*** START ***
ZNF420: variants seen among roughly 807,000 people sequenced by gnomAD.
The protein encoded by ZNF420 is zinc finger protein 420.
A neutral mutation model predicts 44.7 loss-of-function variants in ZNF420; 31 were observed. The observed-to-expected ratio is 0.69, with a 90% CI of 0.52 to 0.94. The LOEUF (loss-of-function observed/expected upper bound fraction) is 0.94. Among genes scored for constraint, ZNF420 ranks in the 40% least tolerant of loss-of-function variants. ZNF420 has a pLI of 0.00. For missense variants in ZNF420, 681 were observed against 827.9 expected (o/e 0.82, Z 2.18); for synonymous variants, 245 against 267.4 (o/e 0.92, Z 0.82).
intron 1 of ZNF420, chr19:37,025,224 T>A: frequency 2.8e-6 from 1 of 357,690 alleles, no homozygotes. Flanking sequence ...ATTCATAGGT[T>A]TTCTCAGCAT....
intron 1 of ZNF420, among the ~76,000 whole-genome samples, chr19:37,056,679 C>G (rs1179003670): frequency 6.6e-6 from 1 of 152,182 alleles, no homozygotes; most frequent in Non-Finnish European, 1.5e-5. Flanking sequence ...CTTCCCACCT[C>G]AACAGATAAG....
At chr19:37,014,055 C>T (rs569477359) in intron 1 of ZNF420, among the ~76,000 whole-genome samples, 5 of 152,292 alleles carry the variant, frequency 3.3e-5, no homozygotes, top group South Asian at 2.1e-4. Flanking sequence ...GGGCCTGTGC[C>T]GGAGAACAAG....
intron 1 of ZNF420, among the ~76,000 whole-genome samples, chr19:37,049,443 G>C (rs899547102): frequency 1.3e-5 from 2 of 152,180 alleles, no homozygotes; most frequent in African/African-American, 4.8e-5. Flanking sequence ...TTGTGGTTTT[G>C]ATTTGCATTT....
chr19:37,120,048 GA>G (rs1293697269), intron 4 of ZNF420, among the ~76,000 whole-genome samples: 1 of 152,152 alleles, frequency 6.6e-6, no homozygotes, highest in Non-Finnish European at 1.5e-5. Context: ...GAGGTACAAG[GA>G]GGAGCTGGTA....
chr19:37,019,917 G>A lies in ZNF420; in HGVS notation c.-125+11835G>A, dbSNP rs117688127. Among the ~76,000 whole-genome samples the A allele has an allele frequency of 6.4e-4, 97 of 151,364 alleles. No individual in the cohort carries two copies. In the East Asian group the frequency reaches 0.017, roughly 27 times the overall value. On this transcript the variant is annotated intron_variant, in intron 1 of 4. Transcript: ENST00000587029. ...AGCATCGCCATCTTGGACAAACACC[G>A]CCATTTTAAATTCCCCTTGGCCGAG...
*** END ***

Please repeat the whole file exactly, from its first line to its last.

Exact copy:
ZNF420: variants seen among roughly 807,000 people sequenced by gnomAD.
The protein encoded by ZNF420 is zinc finger protein 420.
A neutral mutation model predicts 44.7 loss-of-function variants in ZNF420; 31 were observed. The observed-to-expected ratio is 0.69, with a 90% CI of 0.52 to 0.94. The LOEUF (loss-of-function observed/expected upper bound fraction) is 0.94. Among genes scored for constraint, ZNF420 ranks in the 40% least tolerant of loss-of-function variants. ZNF420 has a pLI of 0.00. For missense variants in ZNF420, 681 were observed against 827.9 expected (o/e 0.82, Z 2.18); for synonymous variants, 245 against 267.4 (o/e 0.92, Z 0.82).
intron 1 of ZNF420, chr19:37,025,224 T>A: frequency 2.8e-6 from 1 of 357,690 alleles, no homozygotes. Flanking sequence ...ATTCATAGGT[T>A]TTCTCAGCAT....
intron 1 of ZNF420, among the ~76,000 whole-genome samples, chr19:37,056,679 C>G (rs1179003670): frequency 6.6e-6 from 1 of 152,182 alleles, no homozygotes; most frequent in Non-Finnish European, 1.5e-5. Flanking sequence ...CTTCCCACCT[C>G]AACAGATAAG....
At chr19:37,014,055 C>T (rs569477359) in intron 1 of ZNF420, among the ~76,000 whole-genome samples, 5 of 152,292 alleles carry the variant, frequency 3.3e-5, no homozygotes, top group South Asian at 2.1e-4. Flanking sequence ...GGGCCTGTGC[C>T]GGAGAACAAG....
intron 1 of ZNF420, among the ~76,000 whole-genome samples, chr19:37,049,443 G>C (rs899547102): frequency 1.3e-5 from 2 of 152,180 alleles, no homozygotes; most frequent in African/African-American, 4.8e-5. Flanking sequence ...TTGTGGTTTT[G>C]ATTTGCATTT....
chr19:37,120,048 GA>G (rs1293697269), intron 4 of ZNF420, among the ~76,000 whole-genome samples: 1 of 152,152 alleles, frequency 6.6e-6, no homozygotes, highest in Non-Finnish European at 1.5e-5. Context: ...GAGGTACAAG[GA>G]GGAGCTGGTA....
chr19:37,019,917 G>A lies in ZNF420; in HGVS notation c.-125+11835G>A, dbSNP rs117688127. Among the ~76,000 whole-genome samples the A allele has an allele frequency of 6.4e-4, 97 of 151,364 alleles. No individual in the cohort carries two copies. In the East Asian group the frequency reaches 0.017, roughly 27 times the overall value. On this transcript the variant is annotated intron_variant, in intron 1 of 4. Transcript: ENST00000587029. ...AGCATCGCCATCTTGGACAAACACC[G>A]CCATTTTAAATTCCCCTTGGCCGAG...